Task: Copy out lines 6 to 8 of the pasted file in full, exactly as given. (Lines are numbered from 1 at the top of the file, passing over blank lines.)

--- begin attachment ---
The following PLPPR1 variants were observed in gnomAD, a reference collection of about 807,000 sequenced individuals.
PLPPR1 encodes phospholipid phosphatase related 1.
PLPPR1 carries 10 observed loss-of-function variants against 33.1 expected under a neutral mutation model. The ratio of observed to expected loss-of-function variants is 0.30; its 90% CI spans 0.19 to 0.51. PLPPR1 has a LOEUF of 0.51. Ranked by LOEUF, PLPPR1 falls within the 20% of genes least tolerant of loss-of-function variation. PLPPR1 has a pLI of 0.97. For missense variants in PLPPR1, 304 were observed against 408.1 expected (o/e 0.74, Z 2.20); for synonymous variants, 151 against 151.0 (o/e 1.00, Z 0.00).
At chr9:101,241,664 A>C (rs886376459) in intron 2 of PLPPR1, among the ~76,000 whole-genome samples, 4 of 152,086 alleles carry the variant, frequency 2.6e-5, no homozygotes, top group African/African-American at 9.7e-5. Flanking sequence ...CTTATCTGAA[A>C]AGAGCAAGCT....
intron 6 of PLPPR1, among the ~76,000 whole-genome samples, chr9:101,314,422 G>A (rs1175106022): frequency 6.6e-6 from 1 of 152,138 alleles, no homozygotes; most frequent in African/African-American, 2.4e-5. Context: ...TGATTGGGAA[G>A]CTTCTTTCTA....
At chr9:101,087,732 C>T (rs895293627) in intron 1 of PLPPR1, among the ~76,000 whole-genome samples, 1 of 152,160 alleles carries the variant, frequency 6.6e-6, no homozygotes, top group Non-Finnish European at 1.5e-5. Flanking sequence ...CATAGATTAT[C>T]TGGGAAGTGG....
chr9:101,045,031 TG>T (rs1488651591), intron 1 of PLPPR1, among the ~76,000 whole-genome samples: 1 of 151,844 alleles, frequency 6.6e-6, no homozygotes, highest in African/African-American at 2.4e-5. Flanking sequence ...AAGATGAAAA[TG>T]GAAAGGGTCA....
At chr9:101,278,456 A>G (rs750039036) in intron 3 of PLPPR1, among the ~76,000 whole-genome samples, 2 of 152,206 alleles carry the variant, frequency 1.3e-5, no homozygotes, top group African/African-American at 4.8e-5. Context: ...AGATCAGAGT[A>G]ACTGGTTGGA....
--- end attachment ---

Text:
At chr9:101,087,732 C>T (rs895293627) in intron 1 of PLPPR1, among the ~76,000 whole-genome samples, 1 of 152,160 alleles carries the variant, frequency 6.6e-6, no homozygotes, top group Non-Finnish European at 1.5e-5. Flanking sequence ...CATAGATTAT[C>T]TGGGAAGTGG....
chr9:101,045,031 TG>T (rs1488651591), intron 1 of PLPPR1, among the ~76,000 whole-genome samples: 1 of 151,844 alleles, frequency 6.6e-6, no homozygotes, highest in African/African-American at 2.4e-5. Flanking sequence ...AAGATGAAAA[TG>T]GAAAGGGTCA....
At chr9:101,278,456 A>G (rs750039036) in intron 3 of PLPPR1, among the ~76,000 whole-genome samples, 2 of 152,206 alleles carry the variant, frequency 1.3e-5, no homozygotes, top group African/African-American at 4.8e-5. Context: ...AGATCAGAGT[A>G]ACTGGTTGGA....